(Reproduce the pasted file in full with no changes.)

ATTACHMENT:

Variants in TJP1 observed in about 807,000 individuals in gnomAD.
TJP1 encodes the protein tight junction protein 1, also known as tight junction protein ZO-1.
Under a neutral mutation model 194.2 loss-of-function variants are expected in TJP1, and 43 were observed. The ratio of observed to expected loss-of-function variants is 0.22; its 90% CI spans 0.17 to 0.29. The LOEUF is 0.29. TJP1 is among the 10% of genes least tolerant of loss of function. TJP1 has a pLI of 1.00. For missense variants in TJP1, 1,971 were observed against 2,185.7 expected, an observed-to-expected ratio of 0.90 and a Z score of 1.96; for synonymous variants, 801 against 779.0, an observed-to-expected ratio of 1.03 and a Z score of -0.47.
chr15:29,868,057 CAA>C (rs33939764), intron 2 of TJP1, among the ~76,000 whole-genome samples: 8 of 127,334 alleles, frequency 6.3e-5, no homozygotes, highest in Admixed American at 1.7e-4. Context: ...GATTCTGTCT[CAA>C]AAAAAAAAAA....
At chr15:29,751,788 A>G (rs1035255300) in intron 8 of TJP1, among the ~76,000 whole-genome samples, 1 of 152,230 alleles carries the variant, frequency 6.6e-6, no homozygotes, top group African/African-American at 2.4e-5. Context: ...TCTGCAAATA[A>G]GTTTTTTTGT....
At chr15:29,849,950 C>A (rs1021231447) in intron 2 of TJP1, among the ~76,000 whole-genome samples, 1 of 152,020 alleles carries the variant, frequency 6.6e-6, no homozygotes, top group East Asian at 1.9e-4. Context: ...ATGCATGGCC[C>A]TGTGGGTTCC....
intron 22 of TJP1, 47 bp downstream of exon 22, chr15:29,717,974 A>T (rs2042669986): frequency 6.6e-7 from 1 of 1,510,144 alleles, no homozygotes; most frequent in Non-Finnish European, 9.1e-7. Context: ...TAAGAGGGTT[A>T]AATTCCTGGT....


Variants in TJP1 observed in about 807,000 individuals in gnomAD.
TJP1 encodes the protein tight junction protein 1, also known as tight junction protein ZO-1.
Under a neutral mutation model 194.2 loss-of-function variants are expected in TJP1, and 43 were observed. The ratio of observed to expected loss-of-function variants is 0.22; its 90% CI spans 0.17 to 0.29. The LOEUF is 0.29. TJP1 is among the 10% of genes least tolerant of loss of function. TJP1 has a pLI of 1.00. For missense variants in TJP1, 1,971 were observed against 2,185.7 expected, an observed-to-expected ratio of 0.90 and a Z score of 1.96; for synonymous variants, 801 against 779.0, an observed-to-expected ratio of 1.03 and a Z score of -0.47.
chr15:29,868,057 CAA>C (rs33939764), intron 2 of TJP1, among the ~76,000 whole-genome samples: 8 of 127,334 alleles, frequency 6.3e-5, no homozygotes, highest in Admixed American at 1.7e-4. Context: ...GATTCTGTCT[CAA>C]AAAAAAAAAA....
At chr15:29,751,788 A>G (rs1035255300) in intron 8 of TJP1, among the ~76,000 whole-genome samples, 1 of 152,230 alleles carries the variant, frequency 6.6e-6, no homozygotes, top group African/African-American at 2.4e-5. Context: ...TCTGCAAATA[A>G]GTTTTTTTGT....
At chr15:29,849,950 C>A (rs1021231447) in intron 2 of TJP1, among the ~76,000 whole-genome samples, 1 of 152,020 alleles carries the variant, frequency 6.6e-6, no homozygotes, top group East Asian at 1.9e-4. Context: ...ATGCATGGCC[C>A]TGTGGGTTCC....
intron 22 of TJP1, 47 bp downstream of exon 22, chr15:29,717,974 A>T (rs2042669986): frequency 6.6e-7 from 1 of 1,510,144 alleles, no homozygotes; most frequent in Non-Finnish European, 9.1e-7. Context: ...TAAGAGGGTT[A>T]AATTCCTGGT....